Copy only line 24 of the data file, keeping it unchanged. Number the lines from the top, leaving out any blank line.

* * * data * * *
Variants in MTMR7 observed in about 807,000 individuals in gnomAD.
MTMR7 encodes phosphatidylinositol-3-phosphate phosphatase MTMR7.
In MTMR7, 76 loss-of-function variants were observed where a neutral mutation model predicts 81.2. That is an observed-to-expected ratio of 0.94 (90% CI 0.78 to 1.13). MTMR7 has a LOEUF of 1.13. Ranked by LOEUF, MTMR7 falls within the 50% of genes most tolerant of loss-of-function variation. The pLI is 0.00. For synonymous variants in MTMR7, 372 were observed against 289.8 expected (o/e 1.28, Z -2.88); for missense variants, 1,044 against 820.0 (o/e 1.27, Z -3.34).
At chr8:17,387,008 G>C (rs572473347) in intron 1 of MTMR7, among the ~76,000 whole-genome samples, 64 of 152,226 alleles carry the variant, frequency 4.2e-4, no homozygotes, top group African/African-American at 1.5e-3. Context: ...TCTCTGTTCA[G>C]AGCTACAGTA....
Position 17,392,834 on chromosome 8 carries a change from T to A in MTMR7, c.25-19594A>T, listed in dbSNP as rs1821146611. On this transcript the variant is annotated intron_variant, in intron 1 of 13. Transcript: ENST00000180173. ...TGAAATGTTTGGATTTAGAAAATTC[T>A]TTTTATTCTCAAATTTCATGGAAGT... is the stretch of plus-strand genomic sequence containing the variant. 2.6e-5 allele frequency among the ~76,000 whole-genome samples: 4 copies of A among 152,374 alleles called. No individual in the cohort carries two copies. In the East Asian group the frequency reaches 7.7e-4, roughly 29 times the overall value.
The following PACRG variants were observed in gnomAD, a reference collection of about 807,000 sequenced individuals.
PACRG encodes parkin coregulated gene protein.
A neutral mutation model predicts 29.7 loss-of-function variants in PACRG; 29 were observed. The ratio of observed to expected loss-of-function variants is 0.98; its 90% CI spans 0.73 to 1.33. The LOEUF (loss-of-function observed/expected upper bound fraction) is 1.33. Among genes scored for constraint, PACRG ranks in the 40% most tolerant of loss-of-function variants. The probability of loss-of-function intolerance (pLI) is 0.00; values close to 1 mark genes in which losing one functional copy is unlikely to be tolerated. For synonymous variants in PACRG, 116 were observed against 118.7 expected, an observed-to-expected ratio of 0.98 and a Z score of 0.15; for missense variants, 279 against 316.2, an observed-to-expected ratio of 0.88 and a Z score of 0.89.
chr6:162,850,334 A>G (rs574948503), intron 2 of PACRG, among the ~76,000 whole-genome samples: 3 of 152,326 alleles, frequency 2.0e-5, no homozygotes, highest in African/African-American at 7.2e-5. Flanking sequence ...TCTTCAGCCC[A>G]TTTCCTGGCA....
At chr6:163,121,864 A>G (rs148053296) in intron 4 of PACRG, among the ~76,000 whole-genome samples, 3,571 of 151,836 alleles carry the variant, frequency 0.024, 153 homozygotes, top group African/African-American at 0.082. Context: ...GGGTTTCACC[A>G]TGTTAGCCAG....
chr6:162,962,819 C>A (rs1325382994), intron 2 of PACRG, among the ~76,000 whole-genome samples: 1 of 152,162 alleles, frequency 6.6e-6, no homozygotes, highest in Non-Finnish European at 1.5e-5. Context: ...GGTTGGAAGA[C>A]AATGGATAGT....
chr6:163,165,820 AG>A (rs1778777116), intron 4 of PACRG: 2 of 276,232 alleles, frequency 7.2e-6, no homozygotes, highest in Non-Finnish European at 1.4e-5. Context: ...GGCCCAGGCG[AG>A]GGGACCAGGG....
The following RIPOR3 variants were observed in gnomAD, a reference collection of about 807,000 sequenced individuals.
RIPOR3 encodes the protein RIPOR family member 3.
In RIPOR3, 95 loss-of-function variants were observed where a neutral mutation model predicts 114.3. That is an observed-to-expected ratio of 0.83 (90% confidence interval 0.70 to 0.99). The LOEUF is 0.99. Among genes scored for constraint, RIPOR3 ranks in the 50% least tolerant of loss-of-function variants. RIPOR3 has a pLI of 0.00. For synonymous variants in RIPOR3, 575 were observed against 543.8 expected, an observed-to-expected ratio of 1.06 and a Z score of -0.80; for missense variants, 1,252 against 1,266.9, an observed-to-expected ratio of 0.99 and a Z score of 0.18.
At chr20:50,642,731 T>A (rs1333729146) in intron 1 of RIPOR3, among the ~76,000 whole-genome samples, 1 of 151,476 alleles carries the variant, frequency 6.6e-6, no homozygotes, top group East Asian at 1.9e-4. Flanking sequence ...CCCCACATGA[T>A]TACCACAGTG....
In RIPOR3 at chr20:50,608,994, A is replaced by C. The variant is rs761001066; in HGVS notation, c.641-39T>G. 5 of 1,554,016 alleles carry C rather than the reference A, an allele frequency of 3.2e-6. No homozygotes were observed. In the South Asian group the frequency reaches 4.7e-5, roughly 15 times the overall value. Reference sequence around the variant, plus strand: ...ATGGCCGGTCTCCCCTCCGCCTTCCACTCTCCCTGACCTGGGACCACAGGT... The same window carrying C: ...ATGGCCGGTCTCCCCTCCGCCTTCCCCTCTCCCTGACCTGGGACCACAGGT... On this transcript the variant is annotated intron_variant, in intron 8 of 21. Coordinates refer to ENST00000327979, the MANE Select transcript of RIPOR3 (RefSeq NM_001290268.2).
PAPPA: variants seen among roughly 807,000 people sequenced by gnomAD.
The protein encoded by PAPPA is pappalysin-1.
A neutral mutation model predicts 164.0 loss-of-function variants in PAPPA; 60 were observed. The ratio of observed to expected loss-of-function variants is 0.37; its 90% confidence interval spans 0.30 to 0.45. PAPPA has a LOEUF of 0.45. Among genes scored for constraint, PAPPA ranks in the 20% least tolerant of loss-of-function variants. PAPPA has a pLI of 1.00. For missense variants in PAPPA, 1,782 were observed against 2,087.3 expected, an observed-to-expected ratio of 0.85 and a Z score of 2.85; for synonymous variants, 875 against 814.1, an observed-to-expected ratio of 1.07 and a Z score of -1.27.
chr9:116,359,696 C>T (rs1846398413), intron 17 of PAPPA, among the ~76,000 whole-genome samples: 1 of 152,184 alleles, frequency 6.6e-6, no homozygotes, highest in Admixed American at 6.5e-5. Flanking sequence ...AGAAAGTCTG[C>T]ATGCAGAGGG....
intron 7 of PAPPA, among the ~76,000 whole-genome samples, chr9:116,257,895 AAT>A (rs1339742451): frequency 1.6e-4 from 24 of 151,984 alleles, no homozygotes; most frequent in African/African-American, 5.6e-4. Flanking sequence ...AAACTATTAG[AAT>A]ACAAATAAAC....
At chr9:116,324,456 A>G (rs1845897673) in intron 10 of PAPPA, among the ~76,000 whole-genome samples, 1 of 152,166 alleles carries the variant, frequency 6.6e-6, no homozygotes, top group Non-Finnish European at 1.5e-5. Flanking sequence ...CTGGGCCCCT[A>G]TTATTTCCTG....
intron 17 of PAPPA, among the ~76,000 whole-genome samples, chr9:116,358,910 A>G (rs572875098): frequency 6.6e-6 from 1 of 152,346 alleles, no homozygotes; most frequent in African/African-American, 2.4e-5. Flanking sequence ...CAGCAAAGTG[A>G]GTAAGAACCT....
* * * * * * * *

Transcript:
intron 17 of PAPPA, among the ~76,000 whole-genome samples, chr9:116,358,910 A>G (rs572875098): frequency 6.6e-6 from 1 of 152,346 alleles, no homozygotes; most frequent in African/African-American, 2.4e-5. Flanking sequence ...CAGCAAAGTG[A>G]GTAAGAACCT....